Medical experts testified Wednesday about whether drugs to be used to execute a Jacksonville murderer and white supremacist are humane.
Death row inmate Mark Asay was sentenced to death in 1998 for murdering two men in two different encounters in the same night. Asay confronted Robert Lee Booker and Robert McDowell in neighborhood near Downtown, committing gun crimes the court called cold and calculated because Asay "without the slightest remorse...selected a second person of the same race and social circumstances as [his] first victim" and executed him as well.
According to prosecutors, Asay believed both men he killed were black.
Asay is scheduled to be put to death in less than four weeks but his defense attorneys continue to file motions in attempt to halt the process.
On Wednesday, defense attorneys objected to the Department of Corrections' use of the drug etomidate in the 3-step lethal injection administration.
Through an out-of-state expert, Asay's team presented testimony the drug does not keep a person unconscious long enough, only a few minutes, and can be painful when injected.
The medical expert for the state testified etomidate renders a person unconscious in 10-15 seconds and would keep a person from feeling pain.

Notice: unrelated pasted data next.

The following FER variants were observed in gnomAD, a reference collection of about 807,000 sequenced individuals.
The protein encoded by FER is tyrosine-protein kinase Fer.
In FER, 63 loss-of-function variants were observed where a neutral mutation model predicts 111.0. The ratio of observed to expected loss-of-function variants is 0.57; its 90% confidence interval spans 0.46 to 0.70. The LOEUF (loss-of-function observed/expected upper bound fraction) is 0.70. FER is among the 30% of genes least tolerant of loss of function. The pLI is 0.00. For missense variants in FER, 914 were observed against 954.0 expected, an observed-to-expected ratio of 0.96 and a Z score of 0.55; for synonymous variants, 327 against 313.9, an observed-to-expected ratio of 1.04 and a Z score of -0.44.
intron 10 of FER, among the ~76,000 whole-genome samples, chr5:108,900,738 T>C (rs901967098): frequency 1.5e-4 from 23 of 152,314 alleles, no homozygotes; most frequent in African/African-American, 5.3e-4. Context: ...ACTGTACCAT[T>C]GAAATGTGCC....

According to Dr. Mark Heath, the anesthesiology expert for Asay, etomidate is administered first to make a person unconscious and oblivious to pain. The second drug, rocuronium bromide, is a muscle relaxer to keep an inmates muscles and nerves from jerking in reaction to the fatal drug potassium acetate which is administered last.
Constitutional law professor Rod Sullivan said the judge's decision in Asay's case could impact the approximately 390 inmates on death row in Florida.
"If this judge makes a factual finding that this cocktail of drugs in inhumane, you can expect every single other death row inmate to cite this case to other judges who are going to be looking at the same factual question," Sullivan said. "Each cocktail of three drugs has to be tested to determine whether it produces a pain-free death."
Sullivan said the Supreme Court standard is for the execution method is for it not to be cruel, unusual, or painful. While the litigation could delay Asay's execution, Sullivan says the inmate is out of appeals that could overturn the sentence.
Judge Tatiana Salvador is expected to rule on the motion about the drug by Friday according to deadlines created by the Florida Supreme Court.
Asay's next hearing is scheduled for Thursday morning.